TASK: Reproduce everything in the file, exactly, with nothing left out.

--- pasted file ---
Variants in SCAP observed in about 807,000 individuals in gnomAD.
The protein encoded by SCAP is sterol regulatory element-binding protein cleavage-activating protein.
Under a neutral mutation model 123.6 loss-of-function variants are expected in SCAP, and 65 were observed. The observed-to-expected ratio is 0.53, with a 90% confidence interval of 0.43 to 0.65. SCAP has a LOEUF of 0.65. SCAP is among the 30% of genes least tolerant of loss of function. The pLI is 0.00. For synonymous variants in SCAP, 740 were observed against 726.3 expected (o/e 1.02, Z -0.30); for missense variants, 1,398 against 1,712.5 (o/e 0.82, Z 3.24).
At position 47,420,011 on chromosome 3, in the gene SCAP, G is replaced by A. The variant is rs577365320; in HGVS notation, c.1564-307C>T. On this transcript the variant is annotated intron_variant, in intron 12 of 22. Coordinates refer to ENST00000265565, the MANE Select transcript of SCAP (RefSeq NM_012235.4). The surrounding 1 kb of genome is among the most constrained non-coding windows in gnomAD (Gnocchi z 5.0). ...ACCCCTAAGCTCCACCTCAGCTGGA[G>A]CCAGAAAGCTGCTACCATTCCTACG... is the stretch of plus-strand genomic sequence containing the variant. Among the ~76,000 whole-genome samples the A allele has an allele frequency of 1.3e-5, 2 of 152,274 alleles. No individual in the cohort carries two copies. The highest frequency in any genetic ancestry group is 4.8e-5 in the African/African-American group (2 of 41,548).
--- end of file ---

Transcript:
Variants in SCAP observed in about 807,000 individuals in gnomAD.
The protein encoded by SCAP is sterol regulatory element-binding protein cleavage-activating protein.
Under a neutral mutation model 123.6 loss-of-function variants are expected in SCAP, and 65 were observed. The observed-to-expected ratio is 0.53, with a 90% confidence interval of 0.43 to 0.65. SCAP has a LOEUF of 0.65. SCAP is among the 30% of genes least tolerant of loss of function. The pLI is 0.00. For synonymous variants in SCAP, 740 were observed against 726.3 expected (o/e 1.02, Z -0.30); for missense variants, 1,398 against 1,712.5 (o/e 0.82, Z 3.24).
At position 47,420,011 on chromosome 3, in the gene SCAP, G is replaced by A. The variant is rs577365320; in HGVS notation, c.1564-307C>T. On this transcript the variant is annotated intron_variant, in intron 12 of 22. Coordinates refer to ENST00000265565, the MANE Select transcript of SCAP (RefSeq NM_012235.4). The surrounding 1 kb of genome is among the most constrained non-coding windows in gnomAD (Gnocchi z 5.0). ...ACCCCTAAGCTCCACCTCAGCTGGA[G>A]CCAGAAAGCTGCTACCATTCCTACG... is the stretch of plus-strand genomic sequence containing the variant. Among the ~76,000 whole-genome samples the A allele has an allele frequency of 1.3e-5, 2 of 152,274 alleles. No individual in the cohort carries two copies. The highest frequency in any genetic ancestry group is 4.8e-5 in the African/African-American group (2 of 41,548).